Reader aussiejosh asked the following question on the “Ask Lucky” forum:
I have a USDM award which just keeps giving me grief. I am booked on an award itinerary, part of which is an AA operated flight from LHR – MIA. I have a separate revenue ticket from MIA – SJO.
I just got an alert that there was a schedule change on my AA LHR-MIA flight such that it now arrives three hours later, and I miss my connection to SJO.
So I called the AA help line, and they transferred me to an ex-USDM call centre.
I asked the guy if I could just be put onto the BA flight that left the same time as the original AA flight, and he said there was ‘no award space available’, and that regardless it would cost me a lot because I would have to pay BA taxes. So I guess my questions are:
1. I thought oneworld – oneworld separate itineraries are ‘protected,’ so to speak, in the case of schedule changes, am I correct?
2. Did the ex-USDM guy know at all what he was talking about? Surely I shouldn’t have to pay more tax due to the schedule change?
Any help would be appreciated!
While this is a specific question, I figured I’d answer it here given that I think a lot of people are confused about the overall “protection” available in the event of schedule changes. I’ve written in the past about general tips for maximizing airline schedule changes, so this will be more specific.
Just to define the above “terms” upfront, “USDM” refers to US Airways Dividend Miles. So aussiejosh booked this award before the US Airways Dividend Miles program was merged into the American AAdvantage program. Do keep in mind that American and US Airways are still on separate reservations systems, though the process of integrating them will start soon.
Nowadays American AAdvantage issues all award tickets for the combined airline, which makes it tricky to change US Airways award tickets, since they were booked through US Airways’ reservations system.
With that in mind, let’s get to aussiejosh‘s questions:
What protection does oneworld offer?
Oneworld as an alliance has a great policy whereby you’re “protected” on awards when you book two separate tickets. To give an example, let’s say you book a paid ticket on American from Los Angeles to London, and then a separate award ticket on British Airways from London to Paris.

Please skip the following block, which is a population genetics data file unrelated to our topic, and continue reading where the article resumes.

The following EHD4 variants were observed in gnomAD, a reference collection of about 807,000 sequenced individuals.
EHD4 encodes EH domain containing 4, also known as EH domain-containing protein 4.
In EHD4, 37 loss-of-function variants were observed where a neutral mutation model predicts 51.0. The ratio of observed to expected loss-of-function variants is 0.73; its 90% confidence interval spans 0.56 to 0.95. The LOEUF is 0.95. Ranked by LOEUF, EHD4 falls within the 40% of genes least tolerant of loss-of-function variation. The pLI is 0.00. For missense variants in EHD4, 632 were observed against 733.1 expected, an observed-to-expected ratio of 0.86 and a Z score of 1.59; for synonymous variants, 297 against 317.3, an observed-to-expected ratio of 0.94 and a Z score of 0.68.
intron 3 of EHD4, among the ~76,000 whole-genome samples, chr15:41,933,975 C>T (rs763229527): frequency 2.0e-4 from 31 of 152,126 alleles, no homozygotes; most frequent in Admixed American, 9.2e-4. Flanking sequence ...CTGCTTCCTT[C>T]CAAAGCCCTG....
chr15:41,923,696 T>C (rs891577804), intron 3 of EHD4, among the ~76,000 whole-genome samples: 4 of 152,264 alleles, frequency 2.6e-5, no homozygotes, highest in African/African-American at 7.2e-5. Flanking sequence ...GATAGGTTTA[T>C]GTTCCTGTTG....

If your Los Angeles to London flight were delayed and you misconnect, then British Airways should be willing to accommodate you on a later London to Paris flight, despite the fact that you were booked on two separate reservations.
But what about on awards?
The above policy doesn’t really apply here, though. In the event of a schedule change on American, are you entitled to space on British Airways? Unfortunately the answer is no.
What should you reasonably expect in a situation like this?
- They should be willing to open up award space on American/US Airways metal, given that the schedule change was within their control
- They can’t open up award space on any other partner airlines, especially since this was an award ticket issued by American/US Airways, and that airline also caused the schedule change; in some instances if it’s a partner airline that had the schedule change, they can also open up award space, but that gets tricky
- If there aren’t any better options now, they should be willing to let you make a change at some point down the road when something better opens
- You can always redeposit the award for free
Realistically speaking, unfortunately the best you can hope for is picking another routing on American, even if it doesn’t have award space.
Paying difference in taxes due to schedule change?
The agent was definitely wrong on this. In the event of a schedule change, the airline should be willing to make an “even exchange.” That means even if the taxes/fees were supposed to go up, they shouldn’t, since the change was outside your control. So if you did theoretically rebook from American to British Airways, there shouldn’t be a change in taxes/fees.
This is an especially tricky situation, given that the ticket was booked before the Dividend Miles program was shut down. Realistically the best that aussiejosh can hope for is space opening up on American, and continuing to monitor for best options. But this change was entirely within American’s control, and since they’re in charge of the ticket, unfortunately this isn’t an area where a partner airline will open up space.
Have you ever been in a similar situation — how did you end up handling it?